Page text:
Univariate analysis will be performed to evaluate the association of each biomarker with exacerbation frequency, lung function and symptom scores. Multivariable logistic and Poisson regression analyses will be performed to further examine these biomarkers as predictors of frequent exacerbator phenotype and exacerbation frequency. The receiver operating characteristic curve analysis will be used to assess the ability of continuous biomarkers in identifying frequent exacerbator phenotype. Kaplan-Meier survival analysis will be used to investigate the prediction of biomarkers on time-to-first exacerbation and confounders will be adjusted by a Cox proportional hazard model.

Pilot results

To examine the possibility of oral microbiome contamination on sputum samples, we quantified and compared bacterial 16S rRNA gene copies in sputum plug and saliva after oral cleaning (teeth brushing plus oral wash) from 30 stable COPD patients. Remarkably, bacterial DNA copy number per μL in sputum plug was 124.8 (20.1–351.0) times greater than that in saliva after oral cleaning (Wilcoxon test, p<0.001) (figure 3).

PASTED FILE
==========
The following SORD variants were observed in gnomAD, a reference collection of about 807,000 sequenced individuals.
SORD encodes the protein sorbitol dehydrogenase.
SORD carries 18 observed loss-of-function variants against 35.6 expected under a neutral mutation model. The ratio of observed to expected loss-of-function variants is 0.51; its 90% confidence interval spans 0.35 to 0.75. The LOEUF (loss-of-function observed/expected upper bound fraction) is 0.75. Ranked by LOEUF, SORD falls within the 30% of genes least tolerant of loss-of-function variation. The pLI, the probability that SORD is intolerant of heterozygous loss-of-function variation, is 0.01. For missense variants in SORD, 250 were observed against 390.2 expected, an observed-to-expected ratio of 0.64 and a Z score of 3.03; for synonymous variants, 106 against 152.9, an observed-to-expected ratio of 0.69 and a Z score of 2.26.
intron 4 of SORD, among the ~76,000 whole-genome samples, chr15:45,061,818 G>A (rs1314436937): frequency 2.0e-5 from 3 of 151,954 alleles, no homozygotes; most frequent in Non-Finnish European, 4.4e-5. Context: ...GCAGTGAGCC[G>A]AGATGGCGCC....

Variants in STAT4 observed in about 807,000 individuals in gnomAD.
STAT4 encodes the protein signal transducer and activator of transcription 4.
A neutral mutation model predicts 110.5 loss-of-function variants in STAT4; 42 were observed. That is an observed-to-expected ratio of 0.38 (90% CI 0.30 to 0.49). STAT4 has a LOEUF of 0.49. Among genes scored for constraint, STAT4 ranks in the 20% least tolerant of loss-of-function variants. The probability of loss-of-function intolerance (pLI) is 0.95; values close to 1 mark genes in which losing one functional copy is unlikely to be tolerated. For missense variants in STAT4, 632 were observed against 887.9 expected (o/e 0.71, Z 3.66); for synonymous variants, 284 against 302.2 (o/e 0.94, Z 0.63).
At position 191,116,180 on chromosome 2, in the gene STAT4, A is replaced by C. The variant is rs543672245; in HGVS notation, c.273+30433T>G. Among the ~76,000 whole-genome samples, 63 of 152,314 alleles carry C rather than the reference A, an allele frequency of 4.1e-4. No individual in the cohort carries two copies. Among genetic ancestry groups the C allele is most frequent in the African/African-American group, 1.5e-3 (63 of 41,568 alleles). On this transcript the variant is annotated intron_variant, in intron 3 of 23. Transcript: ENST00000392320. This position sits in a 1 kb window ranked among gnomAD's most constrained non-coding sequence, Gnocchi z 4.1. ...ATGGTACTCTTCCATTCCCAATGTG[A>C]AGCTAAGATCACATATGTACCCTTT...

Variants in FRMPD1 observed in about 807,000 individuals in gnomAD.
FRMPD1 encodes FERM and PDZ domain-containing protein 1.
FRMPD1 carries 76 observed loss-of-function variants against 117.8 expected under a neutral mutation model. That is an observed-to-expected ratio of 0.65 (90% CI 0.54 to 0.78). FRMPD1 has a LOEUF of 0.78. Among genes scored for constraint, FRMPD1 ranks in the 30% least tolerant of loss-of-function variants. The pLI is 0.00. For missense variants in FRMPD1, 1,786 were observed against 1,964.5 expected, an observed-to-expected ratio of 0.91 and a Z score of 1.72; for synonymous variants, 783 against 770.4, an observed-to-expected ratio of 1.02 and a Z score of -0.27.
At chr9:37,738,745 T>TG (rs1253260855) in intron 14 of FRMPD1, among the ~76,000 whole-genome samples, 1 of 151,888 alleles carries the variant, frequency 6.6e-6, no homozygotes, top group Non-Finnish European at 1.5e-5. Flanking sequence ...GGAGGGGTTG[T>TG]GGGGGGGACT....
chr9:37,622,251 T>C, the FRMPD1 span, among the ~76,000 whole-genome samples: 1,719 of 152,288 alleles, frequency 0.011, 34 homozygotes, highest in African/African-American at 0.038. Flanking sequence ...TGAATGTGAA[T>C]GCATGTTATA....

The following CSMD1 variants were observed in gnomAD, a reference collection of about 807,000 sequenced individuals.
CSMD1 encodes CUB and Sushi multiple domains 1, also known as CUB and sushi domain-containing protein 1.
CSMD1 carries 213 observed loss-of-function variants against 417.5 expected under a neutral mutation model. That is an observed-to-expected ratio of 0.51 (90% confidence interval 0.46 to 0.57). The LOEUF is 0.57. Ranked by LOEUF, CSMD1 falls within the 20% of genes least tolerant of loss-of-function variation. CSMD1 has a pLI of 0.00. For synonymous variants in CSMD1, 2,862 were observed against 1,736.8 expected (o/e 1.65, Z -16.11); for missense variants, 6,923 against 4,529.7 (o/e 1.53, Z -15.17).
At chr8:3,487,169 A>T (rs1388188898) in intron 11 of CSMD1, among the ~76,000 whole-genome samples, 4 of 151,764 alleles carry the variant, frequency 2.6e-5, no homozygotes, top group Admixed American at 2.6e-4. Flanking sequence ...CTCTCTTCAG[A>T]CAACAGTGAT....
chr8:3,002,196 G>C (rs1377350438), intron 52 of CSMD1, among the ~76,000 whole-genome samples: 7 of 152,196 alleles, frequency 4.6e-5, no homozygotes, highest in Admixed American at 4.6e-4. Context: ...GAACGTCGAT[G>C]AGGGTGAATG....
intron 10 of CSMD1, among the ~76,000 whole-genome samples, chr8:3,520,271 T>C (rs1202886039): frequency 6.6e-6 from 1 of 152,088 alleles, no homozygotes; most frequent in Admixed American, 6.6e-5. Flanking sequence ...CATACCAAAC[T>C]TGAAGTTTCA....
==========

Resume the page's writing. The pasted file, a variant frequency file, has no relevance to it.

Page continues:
Figure 3

Comparison of bacterial load in paired sputum and saliva specimens. Sputum plug contained significantly more bacterial DNA than saliva after oral cleaning (p<0.001).

Discussion